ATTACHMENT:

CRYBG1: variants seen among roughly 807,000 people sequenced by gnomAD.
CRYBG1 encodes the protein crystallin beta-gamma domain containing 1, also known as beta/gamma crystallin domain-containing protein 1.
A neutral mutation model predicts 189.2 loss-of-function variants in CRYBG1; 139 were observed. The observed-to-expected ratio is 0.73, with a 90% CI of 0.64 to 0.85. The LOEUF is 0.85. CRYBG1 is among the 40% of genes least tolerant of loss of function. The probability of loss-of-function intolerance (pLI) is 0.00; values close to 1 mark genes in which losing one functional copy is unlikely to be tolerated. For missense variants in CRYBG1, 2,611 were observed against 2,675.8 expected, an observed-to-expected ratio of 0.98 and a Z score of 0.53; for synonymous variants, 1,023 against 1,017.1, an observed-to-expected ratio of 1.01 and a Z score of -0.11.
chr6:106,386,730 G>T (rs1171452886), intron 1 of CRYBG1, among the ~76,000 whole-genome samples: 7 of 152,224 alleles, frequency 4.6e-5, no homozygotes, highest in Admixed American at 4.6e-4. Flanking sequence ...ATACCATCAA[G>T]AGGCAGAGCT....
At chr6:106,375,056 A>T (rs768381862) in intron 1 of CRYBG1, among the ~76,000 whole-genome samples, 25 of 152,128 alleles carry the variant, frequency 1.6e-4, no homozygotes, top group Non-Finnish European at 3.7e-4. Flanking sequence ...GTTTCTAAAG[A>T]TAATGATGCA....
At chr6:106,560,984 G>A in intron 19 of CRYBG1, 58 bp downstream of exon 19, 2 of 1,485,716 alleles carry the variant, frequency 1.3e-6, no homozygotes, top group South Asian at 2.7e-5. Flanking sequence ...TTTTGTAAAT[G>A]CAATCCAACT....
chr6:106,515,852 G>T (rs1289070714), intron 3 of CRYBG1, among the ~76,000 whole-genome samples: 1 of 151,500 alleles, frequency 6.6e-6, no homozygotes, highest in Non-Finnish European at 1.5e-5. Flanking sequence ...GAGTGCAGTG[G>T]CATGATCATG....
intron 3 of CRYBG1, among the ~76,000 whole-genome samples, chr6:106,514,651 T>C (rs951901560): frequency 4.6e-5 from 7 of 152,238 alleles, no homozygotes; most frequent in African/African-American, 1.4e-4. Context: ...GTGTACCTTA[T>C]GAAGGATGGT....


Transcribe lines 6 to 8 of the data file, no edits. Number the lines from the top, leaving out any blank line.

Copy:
At chr6:106,560,984 G>A in intron 19 of CRYBG1, 58 bp downstream of exon 19, 2 of 1,485,716 alleles carry the variant, frequency 1.3e-6, no homozygotes, top group South Asian at 2.7e-5. Flanking sequence ...TTTTGTAAAT[G>A]CAATCCAACT....
chr6:106,515,852 G>T (rs1289070714), intron 3 of CRYBG1, among the ~76,000 whole-genome samples: 1 of 151,500 alleles, frequency 6.6e-6, no homozygotes, highest in Non-Finnish European at 1.5e-5. Flanking sequence ...GAGTGCAGTG[G>T]CATGATCATG....
intron 3 of CRYBG1, among the ~76,000 whole-genome samples, chr6:106,514,651 T>C (rs951901560): frequency 4.6e-5 from 7 of 152,238 alleles, no homozygotes; most frequent in African/African-American, 1.4e-4. Context: ...GTGTACCTTA[T>C]GAAGGATGGT....